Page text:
Knaresborough retirement complex plan thrown out by Harrogate councillors against officer advice
A bid to build a retirement complex on the outskirts of Knaresborough has been thrown out by councillors concerned about its impact on the town - despite officers recommending approval.
Planning officials at Harrogate Borough Council had recommended a go-ahead for the proposals for 69 care apartments near Grimbald Bridge on Wetherby Road but councillors on the authority's planning committee yesterday voted overwhelmingly to reject the bid.
The application from Adlington Retirement Living involved demolishing a derelict bungalow and house to make way for the three-storey care complex which councillors described as "over intensive".
Councillor Phil Ireland, who sits on both Knaresborough Town Council and Harrogate Borough Council, said: "Concentrating 69 dwellings into this area means that the size and scale of development is overpowering and will block natural light for adjacent properties
"The visual intrusion will be evident to all entering Knaresborough from the bypass."
In its plans, Adlington Retirement Living said the site would have been served by a new junction on Wetherby Road where improvements to an existing crossing would be made, however, councillors still had concerns over road safety.
Councillor Ireland said traffic levels at the traffic-light controlled Grimbald Bridge had increased "substantially" since the nearby St James Retail Park was built and that road access to the care complex was "potentially dangerous".
He also said a lack of footpaths in the area meant crossing the road at rush hour was "virtually impossible".
"The proposed access and egress is inadequate and potentially dangerous being on a downhill bend with limited visual splays," he said. "The view left towards the bridge will be restricted by the trees needed for screening and the view right obstructed by the bend in the road.
"Traffic levels in this area have increased substantially since of the development of the retail park with queues of vehicles frequently stretching up from Grimbald Bridge reaching Farfield Avenue and beyond."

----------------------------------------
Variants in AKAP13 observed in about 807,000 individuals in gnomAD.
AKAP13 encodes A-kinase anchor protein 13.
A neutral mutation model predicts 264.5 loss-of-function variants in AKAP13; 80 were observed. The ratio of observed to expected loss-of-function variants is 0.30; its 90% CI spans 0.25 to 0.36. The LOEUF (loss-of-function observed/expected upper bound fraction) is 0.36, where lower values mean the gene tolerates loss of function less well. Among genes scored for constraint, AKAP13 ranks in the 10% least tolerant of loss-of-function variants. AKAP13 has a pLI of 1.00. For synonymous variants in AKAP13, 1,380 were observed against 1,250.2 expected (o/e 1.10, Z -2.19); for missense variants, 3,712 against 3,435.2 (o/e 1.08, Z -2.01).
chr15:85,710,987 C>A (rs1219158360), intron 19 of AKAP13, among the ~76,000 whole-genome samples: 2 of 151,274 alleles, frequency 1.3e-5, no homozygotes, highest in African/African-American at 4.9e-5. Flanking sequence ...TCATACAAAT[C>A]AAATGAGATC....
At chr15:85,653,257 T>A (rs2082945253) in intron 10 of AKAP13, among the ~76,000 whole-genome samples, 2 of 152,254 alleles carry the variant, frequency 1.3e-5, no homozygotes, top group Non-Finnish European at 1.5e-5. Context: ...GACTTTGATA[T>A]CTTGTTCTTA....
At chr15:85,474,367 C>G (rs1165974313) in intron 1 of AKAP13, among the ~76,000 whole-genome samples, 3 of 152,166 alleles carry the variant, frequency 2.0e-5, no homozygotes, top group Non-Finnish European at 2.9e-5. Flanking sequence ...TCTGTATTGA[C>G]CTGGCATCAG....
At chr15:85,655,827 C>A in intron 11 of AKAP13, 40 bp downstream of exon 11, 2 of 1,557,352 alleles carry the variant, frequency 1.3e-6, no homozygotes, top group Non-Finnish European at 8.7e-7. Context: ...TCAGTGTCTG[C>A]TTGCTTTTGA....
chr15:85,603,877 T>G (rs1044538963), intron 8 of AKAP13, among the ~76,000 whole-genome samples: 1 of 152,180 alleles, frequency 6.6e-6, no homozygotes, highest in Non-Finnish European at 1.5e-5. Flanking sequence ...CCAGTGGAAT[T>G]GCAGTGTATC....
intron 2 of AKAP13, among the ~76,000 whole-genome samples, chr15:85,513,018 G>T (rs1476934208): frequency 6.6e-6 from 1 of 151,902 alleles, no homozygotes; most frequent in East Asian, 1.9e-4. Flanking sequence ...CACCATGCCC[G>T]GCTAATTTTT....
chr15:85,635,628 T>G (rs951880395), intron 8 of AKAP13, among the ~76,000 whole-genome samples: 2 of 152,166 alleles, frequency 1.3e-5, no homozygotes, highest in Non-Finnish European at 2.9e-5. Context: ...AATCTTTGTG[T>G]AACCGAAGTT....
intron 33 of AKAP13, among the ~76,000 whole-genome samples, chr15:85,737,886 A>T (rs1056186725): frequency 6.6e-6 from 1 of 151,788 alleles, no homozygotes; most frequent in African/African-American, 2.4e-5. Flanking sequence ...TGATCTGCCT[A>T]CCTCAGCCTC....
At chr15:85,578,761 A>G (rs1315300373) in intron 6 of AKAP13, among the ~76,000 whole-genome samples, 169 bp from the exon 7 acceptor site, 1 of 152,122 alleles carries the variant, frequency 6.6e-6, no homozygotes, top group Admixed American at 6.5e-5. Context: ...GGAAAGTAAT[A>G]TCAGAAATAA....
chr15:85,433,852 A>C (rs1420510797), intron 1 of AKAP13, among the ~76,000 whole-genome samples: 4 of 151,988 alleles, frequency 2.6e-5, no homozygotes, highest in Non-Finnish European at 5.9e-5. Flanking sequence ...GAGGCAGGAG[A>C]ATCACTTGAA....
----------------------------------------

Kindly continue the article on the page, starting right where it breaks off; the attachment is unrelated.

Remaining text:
Highways officials at North Yorkshire County Council did not flag any concerns over the proposed junction or traffic levels on Wetherby Road and therefore the road safety worries from councillors were not listed as reasons for refusal.
The design, height and "over intensive" nature of the proposals however were.
Adlington Retirement Living said the care complex would have created up to 20 jobs and that it was "much-needed" because the number of over 65s is "expected to increase dramatically over the coming years."
Robert Gaskell, planning manager for the company, also argued: “The accommodation brings a social life that combats isolation and loneliness - in the context of current lockdown, this is surely something to be supported.”
The plans included a restaurant, lounge and hair salon which would have been run by a care team.
Drawings also showed the three-storey development would be made up of 22 one-bedroom, 37 two-bedroom and 10 three-bedroom apartments.
Recommending the plans for approval, a Harrogate Borough Council planning officer said: "The design and landscaping of the buildings are appropriate for this site and impacts with regards to the residential amenity, environmental impact and highways are acceptable.
"The development will create jobs and provide social, environmental and
economic benefits to the local area."
Councillors rejected the plans with 11 votes for refusal and one abstention.
By Jacob Webster, Local Democracy Reporter